Betty Before X

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Modern Age

Betty Before X
Author: Shabazz, Ilyasah
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Time Period: Modern Age
Time Frame: 1934-1948
Geographic Area: North America
Country: United States
Topics: Civil Rights
Genre: Non Fiction, Biography
Reading Age: Upper Middle Grade
Format: Chapter Book
Published: 2018

American History > Modern Age > African American History

Betty Before X is a powerful middle-grade fictionalized account of the childhood activism of Betty Shabazz, Malcolm X’s wife, written by their daughter Ilyasah Shabazz.

In Detroit, 1945, eleven-year-old Betty’s house doesn’t quite feel like home. She believes her mother loves her, but she can’t shake the feeling that her mother doesn’t want her. Church helps those worries fade, if only for a little while. The singing, the preaching, the speeches from guest activists like Paul Robeson and Thurgood Marshall stir African Americans in her community to stand up for their rights. Betty quickly finds confidence and purpose in volunteering for the Housewives League, an organization that supports black-owned businesses. Soon, the American civil rights icon we now know as Dr. Betty Shabazz is born.

Inspired by Betty's real life―but expanded upon and fictionalized through collaboration with novelist Renée Watson―Ilyasah Shabazz illuminates four poignant years in her mother’s childhood with this book, painting an inspiring portrait of a girl overcoming the challenges of self-acceptance and belonging that will resonate with young readers today.

Emily's Review

I found myself unable to put this book down, so I finished the whole thing in one sitting.

In this story, we see the childhood of Betty Shabazz and the people and events that shaped her in her formative years. She is born to a teenage mother but then raised by her aunt. When her aunt dies, she is sent to live with her mother, who has married and has 3 more daughters. She has a difficult relationship with her mother, who she calls Ollie Mae. When she tries to run away, she's taken in by the Malloys, a married couple from church who cares deeply for Betty. The Malloys are activists, and Mrs. Malloy is a leader in the Housewives League, which works towards boycotting businesses that won't hire black employees. She teaches Betty about activism, but also how to find the good in life even when everything appears to be terrible.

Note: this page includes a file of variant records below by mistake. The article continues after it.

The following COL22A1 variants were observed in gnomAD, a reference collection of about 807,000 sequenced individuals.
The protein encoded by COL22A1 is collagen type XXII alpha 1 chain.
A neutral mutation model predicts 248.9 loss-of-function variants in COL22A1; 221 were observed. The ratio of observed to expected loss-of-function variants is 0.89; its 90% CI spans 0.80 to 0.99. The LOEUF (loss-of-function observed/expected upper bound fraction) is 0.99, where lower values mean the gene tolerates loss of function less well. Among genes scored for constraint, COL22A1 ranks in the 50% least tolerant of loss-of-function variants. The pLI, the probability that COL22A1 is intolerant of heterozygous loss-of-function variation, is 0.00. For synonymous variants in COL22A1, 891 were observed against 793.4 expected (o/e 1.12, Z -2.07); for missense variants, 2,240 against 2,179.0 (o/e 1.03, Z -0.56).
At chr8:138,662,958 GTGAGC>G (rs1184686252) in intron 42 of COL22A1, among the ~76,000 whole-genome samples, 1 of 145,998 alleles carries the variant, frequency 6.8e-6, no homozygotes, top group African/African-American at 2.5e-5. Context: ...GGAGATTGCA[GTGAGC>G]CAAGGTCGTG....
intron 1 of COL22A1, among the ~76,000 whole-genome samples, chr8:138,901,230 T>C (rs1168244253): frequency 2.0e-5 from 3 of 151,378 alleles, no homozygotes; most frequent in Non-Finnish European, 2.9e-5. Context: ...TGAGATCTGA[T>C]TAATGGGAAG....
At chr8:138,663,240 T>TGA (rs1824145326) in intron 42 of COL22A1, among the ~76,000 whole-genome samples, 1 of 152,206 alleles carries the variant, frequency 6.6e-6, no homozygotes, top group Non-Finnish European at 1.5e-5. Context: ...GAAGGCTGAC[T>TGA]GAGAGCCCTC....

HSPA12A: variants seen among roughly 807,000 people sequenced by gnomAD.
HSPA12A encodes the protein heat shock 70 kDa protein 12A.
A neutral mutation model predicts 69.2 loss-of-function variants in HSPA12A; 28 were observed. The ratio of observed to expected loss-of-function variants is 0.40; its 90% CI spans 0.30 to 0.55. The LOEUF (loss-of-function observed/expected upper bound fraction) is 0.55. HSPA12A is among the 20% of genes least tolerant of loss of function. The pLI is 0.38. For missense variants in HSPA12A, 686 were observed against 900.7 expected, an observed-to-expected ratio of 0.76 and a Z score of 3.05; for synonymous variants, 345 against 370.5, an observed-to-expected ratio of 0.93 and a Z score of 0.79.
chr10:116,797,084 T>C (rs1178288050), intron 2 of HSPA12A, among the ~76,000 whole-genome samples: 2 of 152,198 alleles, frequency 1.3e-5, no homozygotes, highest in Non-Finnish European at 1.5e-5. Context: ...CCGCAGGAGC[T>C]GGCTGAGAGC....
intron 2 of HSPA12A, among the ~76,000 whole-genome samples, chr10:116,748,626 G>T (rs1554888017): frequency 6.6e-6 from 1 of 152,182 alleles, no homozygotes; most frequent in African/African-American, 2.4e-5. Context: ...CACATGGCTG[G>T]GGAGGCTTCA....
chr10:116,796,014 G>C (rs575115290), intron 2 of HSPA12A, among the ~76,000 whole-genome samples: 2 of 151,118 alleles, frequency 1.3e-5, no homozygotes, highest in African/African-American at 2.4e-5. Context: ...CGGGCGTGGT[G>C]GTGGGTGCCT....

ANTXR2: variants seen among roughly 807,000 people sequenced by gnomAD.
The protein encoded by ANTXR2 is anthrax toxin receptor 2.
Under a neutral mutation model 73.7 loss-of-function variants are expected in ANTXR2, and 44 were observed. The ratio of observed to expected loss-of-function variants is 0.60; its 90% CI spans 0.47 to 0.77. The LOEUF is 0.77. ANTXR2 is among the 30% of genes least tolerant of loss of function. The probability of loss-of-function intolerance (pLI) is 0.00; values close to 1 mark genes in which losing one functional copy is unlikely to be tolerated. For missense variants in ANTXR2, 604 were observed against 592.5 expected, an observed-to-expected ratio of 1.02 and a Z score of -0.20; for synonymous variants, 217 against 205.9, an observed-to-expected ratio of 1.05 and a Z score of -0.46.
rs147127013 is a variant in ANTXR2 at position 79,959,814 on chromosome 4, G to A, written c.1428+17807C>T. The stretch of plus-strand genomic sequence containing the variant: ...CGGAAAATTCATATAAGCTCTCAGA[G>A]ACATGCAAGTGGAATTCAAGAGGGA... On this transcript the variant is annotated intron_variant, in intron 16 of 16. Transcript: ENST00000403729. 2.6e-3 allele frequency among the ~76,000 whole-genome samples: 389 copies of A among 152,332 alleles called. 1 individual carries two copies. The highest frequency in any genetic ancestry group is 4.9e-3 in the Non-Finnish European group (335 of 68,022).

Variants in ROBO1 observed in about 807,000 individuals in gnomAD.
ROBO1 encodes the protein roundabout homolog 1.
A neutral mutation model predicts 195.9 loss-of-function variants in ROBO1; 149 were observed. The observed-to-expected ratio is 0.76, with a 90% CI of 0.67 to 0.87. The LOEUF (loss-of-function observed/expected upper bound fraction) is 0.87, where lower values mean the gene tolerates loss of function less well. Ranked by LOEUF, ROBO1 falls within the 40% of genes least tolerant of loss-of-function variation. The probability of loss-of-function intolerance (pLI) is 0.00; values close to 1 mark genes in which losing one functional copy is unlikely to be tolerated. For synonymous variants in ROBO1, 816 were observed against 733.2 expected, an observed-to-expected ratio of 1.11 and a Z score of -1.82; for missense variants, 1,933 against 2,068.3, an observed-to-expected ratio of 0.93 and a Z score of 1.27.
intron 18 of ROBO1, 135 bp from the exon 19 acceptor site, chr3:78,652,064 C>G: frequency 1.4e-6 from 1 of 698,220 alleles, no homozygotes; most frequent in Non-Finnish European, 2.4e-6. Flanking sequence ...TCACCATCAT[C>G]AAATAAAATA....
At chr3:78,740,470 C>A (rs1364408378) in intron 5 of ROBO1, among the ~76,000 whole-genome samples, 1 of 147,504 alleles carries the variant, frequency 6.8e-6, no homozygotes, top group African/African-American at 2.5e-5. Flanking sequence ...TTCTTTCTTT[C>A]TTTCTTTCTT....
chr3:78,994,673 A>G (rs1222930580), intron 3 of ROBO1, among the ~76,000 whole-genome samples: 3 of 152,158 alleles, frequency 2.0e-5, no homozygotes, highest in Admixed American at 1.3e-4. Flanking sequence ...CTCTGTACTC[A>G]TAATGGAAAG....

I think this book is a fantastic introduction to the civil rights movement. It's set in the second half of the 1940s in Detroit, so it's still years away from Rosa Parks and Martin Luther King Jr, which I think is important - it shows that people were working and fighting for equality all along and in all parts of the country, not just in the south in the late 50s and 60s. And there are some really great conversations about race that Betty overhears. There are many famous people mentioned, Jazz music, and magazines like Ebony - there are so many interesting rabbit trails to visit as you read!

The writing is good, though there isn't really an overarching plot - it's more of a slice-of-life type of story. Betty is an inspiring character and I think children will resonate with her story.

I recommend this book for ages 10+.

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